Two faculty members from UCF’s Department of Criminal Justice have been appointed editors of the peer-reviewed journal, Race and Justice: An International Journal, published by Sage.
Associate Professor Kareem Jordan (above, left) and Assistant Professor Jacinta Gau (right) will assume the role of co-editors on June 1 following a competitive selection process coordinated by the American Society of Criminology’s Division on People of Color and Crime.
Jordan was an active member of the division when it proposed the founding of a journal focused on high-quality scholarship on race, ethnicity and justice. “We wanted the journal to be an outlet for innovative papers on a wide variety of contemporary race and ethnicity issues in crime and the criminal justice system,” Jordan recalled.
Sage launched Race and Justice in 2011. Since then it has published 14 issues under the guidance of inaugural editor Shaun Gabbidon, a professor of criminal justice at Penn State Harrisburg.
“We intend to carry on the same culture of excellence established by Shaun,” Jordan shared. “And we look forward to helping the journal reach new heights.”
Jordan and Gau plan to increase the journal’s visibility and boost the submissions of high-quality manuscripts, especially those with the potential to make lasting contributions to the discipline.
“We’ll invite submissions from authors who have published notable works on race and justice and from those who have perhaps not published specifically on race but whose area of study may offer prime opportunities to study race or ethnicity from new angles,” Gau said.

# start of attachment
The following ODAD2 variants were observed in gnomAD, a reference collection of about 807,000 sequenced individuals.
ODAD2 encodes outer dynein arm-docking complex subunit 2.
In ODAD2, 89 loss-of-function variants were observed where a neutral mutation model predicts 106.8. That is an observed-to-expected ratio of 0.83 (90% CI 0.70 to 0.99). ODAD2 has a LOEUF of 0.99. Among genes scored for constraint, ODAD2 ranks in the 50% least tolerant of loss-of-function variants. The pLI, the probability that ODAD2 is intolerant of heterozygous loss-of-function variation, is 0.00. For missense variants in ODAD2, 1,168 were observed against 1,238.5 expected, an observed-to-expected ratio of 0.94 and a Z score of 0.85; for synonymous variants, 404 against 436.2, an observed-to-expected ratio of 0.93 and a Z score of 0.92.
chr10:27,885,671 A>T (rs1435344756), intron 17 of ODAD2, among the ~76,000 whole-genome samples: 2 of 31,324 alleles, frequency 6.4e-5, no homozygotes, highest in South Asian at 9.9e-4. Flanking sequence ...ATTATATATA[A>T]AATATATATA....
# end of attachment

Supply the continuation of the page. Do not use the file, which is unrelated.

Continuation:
She and Jordan would like to see Race and Justice become included in the Web of Science, a well-regarded repository of multidisciplinary research data, books, journals, proceedings and patents. Information in the Web of Science is indexed and can be cited by researchers worldwide.
For now, one thing is certain: Gau and Jordan share the same goal — to make Race and Justice the premier outlet for race and justice issues.
Kareem Jordan, Ph.D., studies race and justice issues, and he regularly publishes on issues in juvenile justice. He is the co-author of “A Multilevel Analysis of Race on the Decision to Petition a Case in the Juvenile Court,” Race and Justice, April 2011 ( Vol. 1, No. 2, pp. 185-201).
Jacinta Gau, Ph.D., focuses on social justice issues, particularly procedural justice and police legitimacy. She is the co-author “One Question Before You Get Gone . . .”: Consent Search Requests as a Threat to Perceived Stop Legitimacy,” Race and Justice, October 2012 (Vol. 2, No. 4, pp. 250-273).
(Photo by Abi Bell)